The Action Hub website, where all things “sharks and rays” can be located, was launched during the second-half of 2022, and the program’s communications working group is identifying stakeholders, content, and delivery methods to successfully communicate with selected audiences. In order to provide dedicated support towards the program’s efforts, Windy Arey-Kent was hired as SAFE shark and ray’s conservation coordinator in June 2022—the first time an employee has been hired to solely focus on a SAFE program and its initiatives.
After receiving funds from a 2022 AZA Conservation Grants Fund award, several program partners will be holding a Shark and Ray Handling Best Practices Workshop, tentatively scheduled for spring 2023; the workshop aligns with the program’s objective to promote and enable SAFE partners as key advisors in supporting best practices for shark and ray welfare in both field conservation and research. With over 40 program partners and collaborating organizations, SAFE shark and ray has set ambitious expectations for itself as projects started during the last program plan meld into the new action plan.
SAFE sea turtle maintained momentum for its current program plan, despite continued challenges faced by its zoo, aquarium, and field conservation partners as a result of the COVID-19 pandemic. Through its small grants program and collaboration with the Oceanic Society and The State of the World’s Turtles, the team was able to fund ten projects in five different countries; the projects focused on two global priorities of critically endangered sea turtle populations: eastern Pacific leatherback and Kemp’s ridley. From working with artisanal fishers to build relationships around sustainable fisheries in Ecuador, to supporting stranding response teams in Texas, each awarded project showcased progress towards the SAFE program’s conservation goals. To date, SAFE sea turtle has been able to award over $32,000 to 22 small grants operating in six different countries and implementing a diverse range of sea turtle conservation works.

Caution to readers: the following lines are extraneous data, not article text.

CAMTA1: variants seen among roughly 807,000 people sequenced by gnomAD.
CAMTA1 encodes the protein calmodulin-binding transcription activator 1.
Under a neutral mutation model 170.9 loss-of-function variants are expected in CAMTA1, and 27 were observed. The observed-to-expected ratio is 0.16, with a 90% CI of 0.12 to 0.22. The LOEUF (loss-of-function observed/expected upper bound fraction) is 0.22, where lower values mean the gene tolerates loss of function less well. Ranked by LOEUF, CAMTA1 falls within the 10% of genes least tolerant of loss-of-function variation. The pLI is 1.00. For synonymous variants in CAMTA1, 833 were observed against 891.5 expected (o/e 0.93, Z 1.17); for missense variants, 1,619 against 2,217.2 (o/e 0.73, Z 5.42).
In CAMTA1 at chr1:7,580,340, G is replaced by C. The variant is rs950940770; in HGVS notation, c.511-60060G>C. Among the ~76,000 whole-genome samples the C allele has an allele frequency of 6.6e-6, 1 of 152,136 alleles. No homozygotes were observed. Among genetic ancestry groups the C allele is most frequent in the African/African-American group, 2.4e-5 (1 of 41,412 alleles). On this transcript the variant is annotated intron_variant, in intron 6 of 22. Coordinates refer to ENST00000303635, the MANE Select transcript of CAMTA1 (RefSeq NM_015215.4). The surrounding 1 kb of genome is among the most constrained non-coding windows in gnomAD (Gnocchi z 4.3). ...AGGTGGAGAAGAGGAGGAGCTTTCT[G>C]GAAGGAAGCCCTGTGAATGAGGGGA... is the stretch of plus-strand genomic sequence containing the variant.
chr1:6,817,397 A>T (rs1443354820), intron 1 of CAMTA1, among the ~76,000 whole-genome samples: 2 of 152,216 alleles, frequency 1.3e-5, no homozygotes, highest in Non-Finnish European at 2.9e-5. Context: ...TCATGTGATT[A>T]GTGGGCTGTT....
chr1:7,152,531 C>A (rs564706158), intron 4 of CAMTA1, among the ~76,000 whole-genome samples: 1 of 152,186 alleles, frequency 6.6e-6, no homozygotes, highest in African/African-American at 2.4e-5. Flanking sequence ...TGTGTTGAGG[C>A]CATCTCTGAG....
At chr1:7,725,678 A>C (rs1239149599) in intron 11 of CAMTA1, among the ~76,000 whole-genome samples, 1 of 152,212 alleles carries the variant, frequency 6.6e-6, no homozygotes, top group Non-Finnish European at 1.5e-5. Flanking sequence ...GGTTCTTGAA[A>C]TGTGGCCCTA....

As part of its public and stakeholder engagement objective to support community education, the program provided $7,000 to print 10,000 copies of a children’s book, Soy Lora, that illustrates the story of a Kemp’s ridley turtle. By printing the books in Spanish, community educators in Mexico would be able to utilize them to describe the threats around Kemp’s ridley nesting beaches and the conservation challenges this critically endangered species faces right in the children’s backyard. SAFE sea turtle’s program plan is nearing its three-year anniversary, and a major task for the program’s leadership and 15 program partners will be to develop new goals and objectives with respect to past successes and lessons learned.
For the first time in AZA SAFE’s history, all five aquatic-based SAFE programs—African penguin, coral, sea turtle, shark and ray, and vaquita—decided to pool their collective knowledge into a joint effort called SAFE Seascapes to find solutions to their program’s most pressing issues. While each program champions a different species, they all are striving to preserve our underwater world. By being a part of SAFE, AZA members, government agencies, in situ partners, and other organizations are able to come together to work towards a profound, long-term difference.
To get involved, please reach out to the program leaders and visit AZA SAFE to learn more.
Please contact AZA to get connected with the programs below:
SAFE coral, led by Bart Shepherd at Steinhart Aquarium, California Academy of Science, and M. Andy Stamper, DVM at Disney’s Animals, Science, and Environment.
SAFE shark and ray, led by Hap Fatzinger at North Carolina Aquarium at Fort Fisher, and Paul Cox at The Shark Trust.
SAFE sea turtle, led by Mark Swingle at Virginia Aquarium and Marine Science Center.
Katey Leban is the conservation coordinator at AZA.
Back to All Stories